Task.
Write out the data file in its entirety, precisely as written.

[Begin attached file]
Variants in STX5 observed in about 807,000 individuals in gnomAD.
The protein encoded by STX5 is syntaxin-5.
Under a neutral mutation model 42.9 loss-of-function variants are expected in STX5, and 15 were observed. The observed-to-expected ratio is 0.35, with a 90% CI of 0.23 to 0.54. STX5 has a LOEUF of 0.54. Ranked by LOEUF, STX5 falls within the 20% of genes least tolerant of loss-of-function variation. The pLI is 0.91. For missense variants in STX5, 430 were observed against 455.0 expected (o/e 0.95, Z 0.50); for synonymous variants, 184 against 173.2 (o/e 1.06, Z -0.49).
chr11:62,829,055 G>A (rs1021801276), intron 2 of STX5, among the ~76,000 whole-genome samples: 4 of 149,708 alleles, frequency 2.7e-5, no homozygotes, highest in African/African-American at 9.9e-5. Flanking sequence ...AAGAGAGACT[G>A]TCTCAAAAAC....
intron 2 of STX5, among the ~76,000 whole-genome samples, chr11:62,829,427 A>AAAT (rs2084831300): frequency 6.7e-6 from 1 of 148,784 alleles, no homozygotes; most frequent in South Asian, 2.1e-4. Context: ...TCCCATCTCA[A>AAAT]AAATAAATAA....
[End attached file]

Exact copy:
Variants in STX5 observed in about 807,000 individuals in gnomAD.
The protein encoded by STX5 is syntaxin-5.
Under a neutral mutation model 42.9 loss-of-function variants are expected in STX5, and 15 were observed. The observed-to-expected ratio is 0.35, with a 90% CI of 0.23 to 0.54. STX5 has a LOEUF of 0.54. Ranked by LOEUF, STX5 falls within the 20% of genes least tolerant of loss-of-function variation. The pLI is 0.91. For missense variants in STX5, 430 were observed against 455.0 expected (o/e 0.95, Z 0.50); for synonymous variants, 184 against 173.2 (o/e 1.06, Z -0.49).
chr11:62,829,055 G>A (rs1021801276), intron 2 of STX5, among the ~76,000 whole-genome samples: 4 of 149,708 alleles, frequency 2.7e-5, no homozygotes, highest in African/African-American at 9.9e-5. Flanking sequence ...AAGAGAGACT[G>A]TCTCAAAAAC....
intron 2 of STX5, among the ~76,000 whole-genome samples, chr11:62,829,427 A>AAAT (rs2084831300): frequency 6.7e-6 from 1 of 148,784 alleles, no homozygotes; most frequent in South Asian, 2.1e-4. Context: ...TCCCATCTCA[A>AAAT]AAATAAATAA....